GERMANY - The German pension system is particularly lacking in the areas of sustainability and member communication, according to Mercer Germany.
The consultancy's German division has drawn its conclusion from the 2010 Melbourne Mercer Global Pension index, in which Germany made it in the C category, with an index value of 54, slightly better than in 2009 when it achieved 48.2.
Peter Doetsch, chief executive at Mercer Germany, said: "The comparatively bad ranking for Germany is down to the fact international systems are not directly comparable because of their particularities."
He added that the index was compiled based on the legal requirements in the system, rather than actual implementation of these regulations, which is "usually above the legal requirements in Germany".
"But the study points out areas for improvement in the German system," Doetsch added.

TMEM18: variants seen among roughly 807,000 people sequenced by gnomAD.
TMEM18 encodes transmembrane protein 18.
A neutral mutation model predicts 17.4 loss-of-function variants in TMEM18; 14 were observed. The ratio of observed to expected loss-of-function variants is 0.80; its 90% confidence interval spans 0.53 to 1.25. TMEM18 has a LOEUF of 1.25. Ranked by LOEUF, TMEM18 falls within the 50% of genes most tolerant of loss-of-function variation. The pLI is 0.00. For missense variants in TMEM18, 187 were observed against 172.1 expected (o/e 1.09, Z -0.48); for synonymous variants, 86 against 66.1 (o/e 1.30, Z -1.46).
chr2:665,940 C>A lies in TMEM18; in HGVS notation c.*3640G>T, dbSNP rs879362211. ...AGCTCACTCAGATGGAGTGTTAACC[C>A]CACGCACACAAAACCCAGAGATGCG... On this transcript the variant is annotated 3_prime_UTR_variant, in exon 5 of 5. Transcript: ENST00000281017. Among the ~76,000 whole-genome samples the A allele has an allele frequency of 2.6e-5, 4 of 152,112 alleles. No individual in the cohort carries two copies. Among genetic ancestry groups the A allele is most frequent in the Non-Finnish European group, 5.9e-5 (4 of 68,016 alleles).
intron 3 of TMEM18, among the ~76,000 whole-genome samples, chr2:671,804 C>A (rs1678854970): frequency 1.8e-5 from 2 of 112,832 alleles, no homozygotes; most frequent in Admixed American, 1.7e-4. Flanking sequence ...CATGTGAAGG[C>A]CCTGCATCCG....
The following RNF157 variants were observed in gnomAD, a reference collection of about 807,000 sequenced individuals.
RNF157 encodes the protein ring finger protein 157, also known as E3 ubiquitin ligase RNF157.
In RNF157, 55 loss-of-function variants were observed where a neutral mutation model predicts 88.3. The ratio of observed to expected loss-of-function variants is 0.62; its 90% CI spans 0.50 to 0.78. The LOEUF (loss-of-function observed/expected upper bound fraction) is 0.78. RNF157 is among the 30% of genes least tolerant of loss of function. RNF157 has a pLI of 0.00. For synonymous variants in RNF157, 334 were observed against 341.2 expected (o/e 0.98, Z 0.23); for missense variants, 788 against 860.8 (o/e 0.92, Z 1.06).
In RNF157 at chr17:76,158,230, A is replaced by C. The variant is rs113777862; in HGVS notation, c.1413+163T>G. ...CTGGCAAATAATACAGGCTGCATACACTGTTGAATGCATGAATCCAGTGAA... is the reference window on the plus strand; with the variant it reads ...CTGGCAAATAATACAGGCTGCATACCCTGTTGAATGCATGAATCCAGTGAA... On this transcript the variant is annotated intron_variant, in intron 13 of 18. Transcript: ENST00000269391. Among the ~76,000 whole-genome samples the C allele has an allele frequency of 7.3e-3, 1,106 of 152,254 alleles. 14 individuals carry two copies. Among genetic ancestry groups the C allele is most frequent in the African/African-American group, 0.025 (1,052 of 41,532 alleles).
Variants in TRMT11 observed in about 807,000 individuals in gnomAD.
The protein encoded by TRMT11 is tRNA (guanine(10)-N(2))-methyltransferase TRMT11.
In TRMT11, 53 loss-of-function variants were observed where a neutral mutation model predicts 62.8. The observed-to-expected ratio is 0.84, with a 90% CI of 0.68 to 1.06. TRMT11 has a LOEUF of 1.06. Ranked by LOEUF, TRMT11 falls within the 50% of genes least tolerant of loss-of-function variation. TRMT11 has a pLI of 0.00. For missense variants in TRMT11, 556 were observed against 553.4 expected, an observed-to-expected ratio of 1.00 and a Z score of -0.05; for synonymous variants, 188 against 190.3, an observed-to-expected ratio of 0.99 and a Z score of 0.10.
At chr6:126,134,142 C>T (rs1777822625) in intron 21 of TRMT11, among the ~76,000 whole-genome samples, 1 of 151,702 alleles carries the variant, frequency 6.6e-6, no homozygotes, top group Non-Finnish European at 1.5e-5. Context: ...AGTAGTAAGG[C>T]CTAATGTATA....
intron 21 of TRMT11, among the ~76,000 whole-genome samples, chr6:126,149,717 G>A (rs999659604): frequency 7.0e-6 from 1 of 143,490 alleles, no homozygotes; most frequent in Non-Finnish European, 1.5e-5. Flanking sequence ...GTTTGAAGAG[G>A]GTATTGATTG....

The Germany system fared particularly badly in the category of 'sustainability', earning a score of just 42.3.
Mercer recommended increasing the labour force participation rate among older workers and moving away from a pure pay-as-you-go system in the first pillar.
The consultancy said another area in which the German system needed improvement was 'integrity' (54.4), covering legal requirements, governance, security, communication and costs.
Mercer said pension funds should be required to make an annual communication to members, informing them about their current level of benefits and to what extent they were likely to increase until retirement.
But Germany received an above-average index value (64) in the category of 'adequacy', reflecting good pension provision for median earners from the first and second pillars.
To increase the value in this category, Germany would have to increase low earners' pensions and make it mandatory for at least some of the benefit to be taken as an income stream, Doetsch said.